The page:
One of the earliest instruments of the Americas, ancient Panpipes or Panflutes have been excavated from South America all the way north to Canada, with oldest known examples dating back to 4200 BC. Peru is deemed the origin of this gorgeous instrument, and modern Andean panpipes, which may be called Siku, Antara or Zampoña, are very popular today across the continents and around the globe.
Reed, cane, ceramic, condor quill and bone panpipes have been found across the Andes, into the Central American territories of the Maya and Aztec civilizations, to the Cahokia complex on the Mississippi River, to the Ohio River Valley site of the Hopewell Tradition. Believed to have been used for everything from ceremonial rites to personal expression, the distribution of this multi-tubed woodwind is truly impressive.
When we use the words Pan Pipes or Pan Flutes to describe this instrument, we are using European terminology, referencing the Greek god of rustic music, Pan. Panflutes have a long history in both Europe and Asia, but indigenous instruments of this type have their own terminology.
Siku, Antara or Zampoña
Native to the Andes, which extend through the states of Argentina, Bolivia, Chile, Colombia, Ecuador, Peru, and Venezuela, the Siku is also referred to in Quechua as the Antara, or in Spanish as the Zampoña (meaning 'tubes'). Variations in the construction of these instruments are many. The Siku is thought to have originated in Peru, most closely associated with the Aymara speaking peoples who live around Lake Titicaca. It is of small surprise, considering the amazing boats historically built of the strong totora reeds indigenous to the large lake, that the local culture would develop complex tubular woodwinds. Today, most Siku are made of bamboo. Andean Panpipes may have one to three rows of tubes and come in a wide variety of sizes including:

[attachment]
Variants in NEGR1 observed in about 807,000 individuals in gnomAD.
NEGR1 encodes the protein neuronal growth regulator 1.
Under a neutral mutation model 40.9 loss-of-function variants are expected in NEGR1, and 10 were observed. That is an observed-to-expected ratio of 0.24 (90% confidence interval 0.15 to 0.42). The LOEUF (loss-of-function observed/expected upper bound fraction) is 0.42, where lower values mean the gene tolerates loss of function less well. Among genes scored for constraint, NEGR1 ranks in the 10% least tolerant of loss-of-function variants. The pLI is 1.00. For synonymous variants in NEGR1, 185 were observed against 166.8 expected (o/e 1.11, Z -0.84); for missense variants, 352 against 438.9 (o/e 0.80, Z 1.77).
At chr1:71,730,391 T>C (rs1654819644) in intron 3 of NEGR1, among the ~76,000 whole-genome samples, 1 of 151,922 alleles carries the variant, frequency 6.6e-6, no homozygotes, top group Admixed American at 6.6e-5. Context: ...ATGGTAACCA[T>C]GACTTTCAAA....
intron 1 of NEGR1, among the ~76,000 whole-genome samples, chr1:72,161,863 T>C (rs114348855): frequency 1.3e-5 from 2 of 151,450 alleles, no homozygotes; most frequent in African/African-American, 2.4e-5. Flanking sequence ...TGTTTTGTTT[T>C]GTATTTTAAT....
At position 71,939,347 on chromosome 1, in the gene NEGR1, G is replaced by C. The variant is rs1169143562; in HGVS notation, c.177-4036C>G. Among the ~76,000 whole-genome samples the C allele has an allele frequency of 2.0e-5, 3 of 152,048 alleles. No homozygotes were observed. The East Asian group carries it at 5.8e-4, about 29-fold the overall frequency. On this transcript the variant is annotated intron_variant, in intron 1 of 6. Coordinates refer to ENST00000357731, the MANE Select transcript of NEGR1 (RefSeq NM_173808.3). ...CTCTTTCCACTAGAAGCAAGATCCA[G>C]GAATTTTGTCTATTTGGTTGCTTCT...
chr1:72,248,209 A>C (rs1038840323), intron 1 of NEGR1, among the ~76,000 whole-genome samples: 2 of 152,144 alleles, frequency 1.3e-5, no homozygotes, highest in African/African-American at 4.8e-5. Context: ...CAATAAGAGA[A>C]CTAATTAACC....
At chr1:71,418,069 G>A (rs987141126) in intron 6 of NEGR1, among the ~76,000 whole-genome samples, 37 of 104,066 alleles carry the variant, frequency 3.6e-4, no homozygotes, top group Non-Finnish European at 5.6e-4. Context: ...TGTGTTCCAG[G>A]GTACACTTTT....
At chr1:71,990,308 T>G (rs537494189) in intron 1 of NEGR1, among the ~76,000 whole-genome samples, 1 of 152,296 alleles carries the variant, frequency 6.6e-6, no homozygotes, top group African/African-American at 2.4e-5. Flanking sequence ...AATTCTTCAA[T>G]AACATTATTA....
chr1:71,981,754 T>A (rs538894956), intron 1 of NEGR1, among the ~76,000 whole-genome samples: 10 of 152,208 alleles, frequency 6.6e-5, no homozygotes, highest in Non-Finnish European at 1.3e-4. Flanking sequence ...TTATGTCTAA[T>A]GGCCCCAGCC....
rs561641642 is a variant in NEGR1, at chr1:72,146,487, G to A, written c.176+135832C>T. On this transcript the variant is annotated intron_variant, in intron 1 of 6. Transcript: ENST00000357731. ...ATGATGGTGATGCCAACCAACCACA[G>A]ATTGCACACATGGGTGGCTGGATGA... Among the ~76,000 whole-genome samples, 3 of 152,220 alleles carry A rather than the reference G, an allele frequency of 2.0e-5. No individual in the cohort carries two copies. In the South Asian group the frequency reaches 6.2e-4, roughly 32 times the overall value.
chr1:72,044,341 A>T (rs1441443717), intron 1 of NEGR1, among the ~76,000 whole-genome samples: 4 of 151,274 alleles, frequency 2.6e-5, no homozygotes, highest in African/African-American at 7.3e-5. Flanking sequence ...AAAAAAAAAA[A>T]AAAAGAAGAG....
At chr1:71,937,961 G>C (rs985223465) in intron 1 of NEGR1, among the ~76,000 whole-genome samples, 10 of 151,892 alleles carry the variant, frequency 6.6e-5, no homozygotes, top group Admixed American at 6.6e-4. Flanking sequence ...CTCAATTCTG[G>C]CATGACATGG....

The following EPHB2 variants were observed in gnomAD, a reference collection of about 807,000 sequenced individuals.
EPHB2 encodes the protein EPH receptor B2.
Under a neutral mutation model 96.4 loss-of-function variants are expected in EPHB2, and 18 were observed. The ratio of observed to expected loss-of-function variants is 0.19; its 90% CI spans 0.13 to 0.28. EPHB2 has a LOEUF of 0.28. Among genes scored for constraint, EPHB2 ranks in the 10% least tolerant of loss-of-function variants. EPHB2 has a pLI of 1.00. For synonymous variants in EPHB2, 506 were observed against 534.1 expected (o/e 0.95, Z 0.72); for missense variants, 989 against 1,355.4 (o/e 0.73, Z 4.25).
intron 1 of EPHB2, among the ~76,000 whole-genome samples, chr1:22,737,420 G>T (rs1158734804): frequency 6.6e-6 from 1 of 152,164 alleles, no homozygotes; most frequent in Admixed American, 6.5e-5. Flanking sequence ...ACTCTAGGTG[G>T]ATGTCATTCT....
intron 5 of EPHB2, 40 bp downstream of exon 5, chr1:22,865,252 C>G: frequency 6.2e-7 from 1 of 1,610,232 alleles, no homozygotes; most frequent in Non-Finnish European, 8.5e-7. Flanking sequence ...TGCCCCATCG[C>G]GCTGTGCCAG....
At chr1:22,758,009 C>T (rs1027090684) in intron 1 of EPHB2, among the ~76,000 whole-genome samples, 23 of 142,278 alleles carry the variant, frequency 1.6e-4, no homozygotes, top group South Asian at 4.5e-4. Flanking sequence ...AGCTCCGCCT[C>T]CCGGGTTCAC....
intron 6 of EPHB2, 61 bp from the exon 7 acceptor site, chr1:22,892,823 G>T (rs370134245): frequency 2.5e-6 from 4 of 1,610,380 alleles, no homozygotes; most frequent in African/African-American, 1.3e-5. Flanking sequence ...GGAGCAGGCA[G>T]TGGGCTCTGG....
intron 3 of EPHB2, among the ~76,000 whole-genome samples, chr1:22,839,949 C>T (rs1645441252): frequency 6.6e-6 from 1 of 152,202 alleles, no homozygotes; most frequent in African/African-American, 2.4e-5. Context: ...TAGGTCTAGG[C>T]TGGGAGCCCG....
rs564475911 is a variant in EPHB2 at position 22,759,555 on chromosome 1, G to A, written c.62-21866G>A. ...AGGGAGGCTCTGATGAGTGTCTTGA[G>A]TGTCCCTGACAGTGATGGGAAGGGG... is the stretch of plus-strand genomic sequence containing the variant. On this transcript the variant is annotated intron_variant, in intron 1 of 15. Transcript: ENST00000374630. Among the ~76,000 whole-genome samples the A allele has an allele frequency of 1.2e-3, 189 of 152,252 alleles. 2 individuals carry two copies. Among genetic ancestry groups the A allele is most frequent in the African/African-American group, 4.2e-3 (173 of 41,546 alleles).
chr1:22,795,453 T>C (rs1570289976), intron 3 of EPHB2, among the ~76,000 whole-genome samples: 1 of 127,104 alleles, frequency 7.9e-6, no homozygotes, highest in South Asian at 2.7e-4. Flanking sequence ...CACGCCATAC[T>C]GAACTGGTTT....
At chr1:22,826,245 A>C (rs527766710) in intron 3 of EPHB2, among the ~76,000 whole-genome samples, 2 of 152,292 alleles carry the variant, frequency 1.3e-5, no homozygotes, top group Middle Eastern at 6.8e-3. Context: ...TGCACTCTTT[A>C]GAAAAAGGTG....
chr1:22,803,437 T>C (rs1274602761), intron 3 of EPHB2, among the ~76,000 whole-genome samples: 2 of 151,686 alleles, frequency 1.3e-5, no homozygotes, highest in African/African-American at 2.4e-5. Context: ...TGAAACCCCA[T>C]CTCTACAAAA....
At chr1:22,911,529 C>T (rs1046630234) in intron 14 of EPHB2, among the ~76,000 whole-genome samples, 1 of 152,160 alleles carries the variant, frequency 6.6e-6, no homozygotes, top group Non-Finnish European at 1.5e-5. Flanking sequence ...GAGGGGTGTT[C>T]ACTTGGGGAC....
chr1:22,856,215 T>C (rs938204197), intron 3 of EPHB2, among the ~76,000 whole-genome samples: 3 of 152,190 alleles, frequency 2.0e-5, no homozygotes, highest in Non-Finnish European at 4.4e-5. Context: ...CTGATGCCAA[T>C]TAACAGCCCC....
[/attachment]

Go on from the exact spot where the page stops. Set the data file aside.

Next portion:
How Difficult Is It To Play The Indigenous Panpipes?
The main challenge facing the beginner is developing the correct mouth position for playing this multi-tubed instrument. The tubes are held against the chin and air is blown across the rim of the desired tube. In some types of Native Panpipes, two tubes are played simultaneously to achieve a harmony. Once you have developed a correct method of blowing across the tops of the tubes, you will familiarize yourself with the scale of your particular type of Zampoña and be able to begin picking out melodies to play.
Today, some panflutes are concert tuned to make them playable with other Western instruments. When purchasing your Indigenous Panflute, materials may be listed simply as Bamboo.
For more interesting facts about Panflutes, visit Native Flutes Walking.
This is a video in Spanish that teaches how to play the Zampoña.
Profesor Jose Luis Gonzales. Telefono 99745701
This video is a tutorial for how to play the song “The sound of Silence”
This video is a tutorial for how to play the song “over the rainbow”